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The Student News Site of Cass High School

The Trumpet

The Student News Site of Cass High School

The Trumpet

The Ballad Of Songbirds & Snakes: The Newest Film in The Hunger Games Franchise

(image via wallpapersden.com)
(image via wallpapersden.com)

The Hunger Games franchise is easily one of the most popular dystopian book series ever. Since the first book in the series was released in 2008, it has taken the world by storm as a best-selling novel and blockbuster film. The prequel to the infamous trilogy, The Ballad Of Songbirds and Snakes, released in 2020, was published years after the original three books. It was highly anticipated by many fans and introduced the world to a brand-new perspective on the iconic story. The prequel follows the early life of President Coriolanus Snow, the main antagonist of the earlier books, before he becomes the leader of Panem, the fictional world where all The Hunger Games books take place. The book focuses on the character’s complex and questionable morals and how The Hunger Games came to be, along with nods to the other installments in the series.

Recently, the Ballad of Songbirds and Snakes has garnered a movie adaptation, released about a month ago on November 17th. The film stars Tom Blyth as young President Snow and actress Rachel Zegler as Lucy Gray (Snow’s romantic interest), along with Viola Davis, Peter Dinklage, and Josh Andrés Rivera. All of these actors and actresses have received very positive feedback from audiences and critics alike. “Zegler plays Lucy Gray with a mischievous gleam and defiant stance, instantly making her as formidable as Katniss, and almost as iconic,” says Rachel LaBonte, with Screen Rant. Many critics also praise Tom Blyth, who plays President Snow. Cass High School sophomore, Anniston Shultz, said, “I really loved the way they translated Snow’s character from book to screen because when you’re reading the book, you learn a lot about his internal struggles and the way he presents himself to other characters. The way [Tom Blyth] portrayed that was done very well.”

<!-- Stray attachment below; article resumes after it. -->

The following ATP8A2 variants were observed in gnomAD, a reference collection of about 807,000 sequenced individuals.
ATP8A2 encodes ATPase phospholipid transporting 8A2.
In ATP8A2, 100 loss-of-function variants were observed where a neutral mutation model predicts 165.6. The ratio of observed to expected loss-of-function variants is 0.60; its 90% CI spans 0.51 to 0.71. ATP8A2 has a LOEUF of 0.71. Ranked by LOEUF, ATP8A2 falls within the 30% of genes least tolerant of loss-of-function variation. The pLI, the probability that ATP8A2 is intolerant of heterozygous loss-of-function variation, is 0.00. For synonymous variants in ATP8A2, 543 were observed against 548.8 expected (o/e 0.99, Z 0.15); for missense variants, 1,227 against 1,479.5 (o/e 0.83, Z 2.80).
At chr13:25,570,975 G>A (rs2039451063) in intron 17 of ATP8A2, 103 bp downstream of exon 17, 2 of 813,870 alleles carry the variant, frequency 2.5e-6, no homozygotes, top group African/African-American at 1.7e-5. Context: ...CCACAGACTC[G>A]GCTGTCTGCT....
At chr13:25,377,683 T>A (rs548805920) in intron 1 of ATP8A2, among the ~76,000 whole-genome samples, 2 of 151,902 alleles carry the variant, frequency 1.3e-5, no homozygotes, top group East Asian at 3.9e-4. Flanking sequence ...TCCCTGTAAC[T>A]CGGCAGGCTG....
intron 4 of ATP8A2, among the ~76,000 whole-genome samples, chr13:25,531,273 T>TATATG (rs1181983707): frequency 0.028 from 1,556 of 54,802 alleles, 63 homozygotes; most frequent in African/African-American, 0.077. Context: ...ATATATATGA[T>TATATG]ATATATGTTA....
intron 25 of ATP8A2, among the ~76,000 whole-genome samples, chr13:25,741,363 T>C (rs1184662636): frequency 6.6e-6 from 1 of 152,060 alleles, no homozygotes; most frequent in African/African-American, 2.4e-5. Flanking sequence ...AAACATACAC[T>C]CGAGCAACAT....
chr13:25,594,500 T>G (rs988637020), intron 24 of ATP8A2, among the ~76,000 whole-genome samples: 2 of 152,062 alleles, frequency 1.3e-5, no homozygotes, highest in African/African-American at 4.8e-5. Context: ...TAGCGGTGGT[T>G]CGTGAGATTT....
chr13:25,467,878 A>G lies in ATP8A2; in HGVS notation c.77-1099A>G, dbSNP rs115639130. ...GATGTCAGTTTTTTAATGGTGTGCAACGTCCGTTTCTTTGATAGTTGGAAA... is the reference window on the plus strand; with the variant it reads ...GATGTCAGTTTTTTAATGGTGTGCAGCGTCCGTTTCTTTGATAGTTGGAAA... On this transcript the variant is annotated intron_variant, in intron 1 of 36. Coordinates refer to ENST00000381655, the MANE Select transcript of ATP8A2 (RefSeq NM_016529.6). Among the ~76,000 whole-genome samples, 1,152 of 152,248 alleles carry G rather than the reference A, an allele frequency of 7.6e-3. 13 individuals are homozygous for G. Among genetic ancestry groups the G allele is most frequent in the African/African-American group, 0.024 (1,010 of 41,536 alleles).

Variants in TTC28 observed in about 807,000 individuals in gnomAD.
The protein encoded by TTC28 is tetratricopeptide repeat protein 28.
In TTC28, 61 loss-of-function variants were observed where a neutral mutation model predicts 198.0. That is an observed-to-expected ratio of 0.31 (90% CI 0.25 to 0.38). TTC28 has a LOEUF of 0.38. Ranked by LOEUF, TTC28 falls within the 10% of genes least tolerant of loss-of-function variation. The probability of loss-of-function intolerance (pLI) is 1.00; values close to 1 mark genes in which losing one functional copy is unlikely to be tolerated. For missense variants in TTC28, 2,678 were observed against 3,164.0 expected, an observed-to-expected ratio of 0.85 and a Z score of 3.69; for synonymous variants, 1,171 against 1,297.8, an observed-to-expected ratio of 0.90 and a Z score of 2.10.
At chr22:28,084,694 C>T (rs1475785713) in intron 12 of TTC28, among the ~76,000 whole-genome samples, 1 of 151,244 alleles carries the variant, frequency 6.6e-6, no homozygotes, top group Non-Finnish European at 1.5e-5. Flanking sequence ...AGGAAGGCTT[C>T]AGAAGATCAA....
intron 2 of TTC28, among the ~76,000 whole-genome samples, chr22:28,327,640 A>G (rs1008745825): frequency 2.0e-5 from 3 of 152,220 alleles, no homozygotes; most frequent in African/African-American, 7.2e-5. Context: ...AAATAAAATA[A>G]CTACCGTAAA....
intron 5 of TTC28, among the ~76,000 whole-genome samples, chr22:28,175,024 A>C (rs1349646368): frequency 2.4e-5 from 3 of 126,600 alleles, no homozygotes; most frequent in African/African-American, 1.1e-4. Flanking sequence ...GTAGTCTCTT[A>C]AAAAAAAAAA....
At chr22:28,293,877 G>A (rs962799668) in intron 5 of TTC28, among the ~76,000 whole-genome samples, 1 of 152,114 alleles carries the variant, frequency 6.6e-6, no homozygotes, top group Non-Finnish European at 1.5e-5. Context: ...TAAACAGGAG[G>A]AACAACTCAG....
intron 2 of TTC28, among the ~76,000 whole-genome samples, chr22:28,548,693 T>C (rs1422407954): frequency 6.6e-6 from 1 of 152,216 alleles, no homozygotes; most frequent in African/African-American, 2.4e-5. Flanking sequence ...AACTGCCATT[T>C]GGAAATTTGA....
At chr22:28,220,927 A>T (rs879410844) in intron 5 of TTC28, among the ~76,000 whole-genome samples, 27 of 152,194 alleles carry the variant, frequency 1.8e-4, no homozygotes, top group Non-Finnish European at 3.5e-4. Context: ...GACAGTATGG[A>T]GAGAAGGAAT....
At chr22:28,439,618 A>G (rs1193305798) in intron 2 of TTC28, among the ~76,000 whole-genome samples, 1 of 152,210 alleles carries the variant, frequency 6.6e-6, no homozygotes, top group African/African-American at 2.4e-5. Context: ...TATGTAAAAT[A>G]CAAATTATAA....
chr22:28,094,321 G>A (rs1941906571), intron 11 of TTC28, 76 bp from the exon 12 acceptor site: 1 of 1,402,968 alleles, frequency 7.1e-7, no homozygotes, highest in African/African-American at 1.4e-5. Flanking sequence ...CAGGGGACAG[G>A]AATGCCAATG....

Rachel Zegler (left) and Tom Blyth (right) star as Lucy Gray and future president Snow in The Hunger Games: The Ballad of Songbirds & Snakes. -Image via official film promotion

 

The film itself has received mixed reviews. While fans have responded relatively well to the film, critics have been slightly harsher to it, saying it lacks some of the book’s major points and drags at times. Again, LaBonte writes: “The movie loses some of its steam when it hits part three, which is unfortunate because it should hold some of the most emotional beats of the entire story.” However, other critics have praised the film. “Francis Lawrence — who now returns to helm a prequel that impressively expands the canon while honoring its key themes.” Writes Peter Dubridge with Variety.

In the book iteration of the prequel, the character of Lucy Gray breaks out into song in multiple chapters. It’s no different in the movie, where Zegler herself is the one to belt out a tune with a twangy Southern accent. These numbers are very popular with fans, who have taken over the internet with media about the songs, featuring themselves in them and even creating covers of the film’s soundtrack themselves. When asked her opinion on them, Shultz said, “It’s definitely better than just reading the lyrics like it is in the book. I personally really liked them. I know that’s sort of a point of contention, but I didn’t have a problem with them.” This point of contention comes from the fact that many people who have seen the film, have not read the novel and are not expecting a musical out of The Hunger Games, and therefore are off-put by the spontaneous singing.

Only a month after its release, the film has already made over $200 million worldwide, according to Variety. Although it has its criticisms, it is now part of an incredibly influential series. It will certainly continue to motivate and encourage readers all around the world for many years to come. Suzanne Collins, the author of the series, said, “I’m so grateful for the readers and viewers who invested in The Hunger Games. These stories are made to be shared.”

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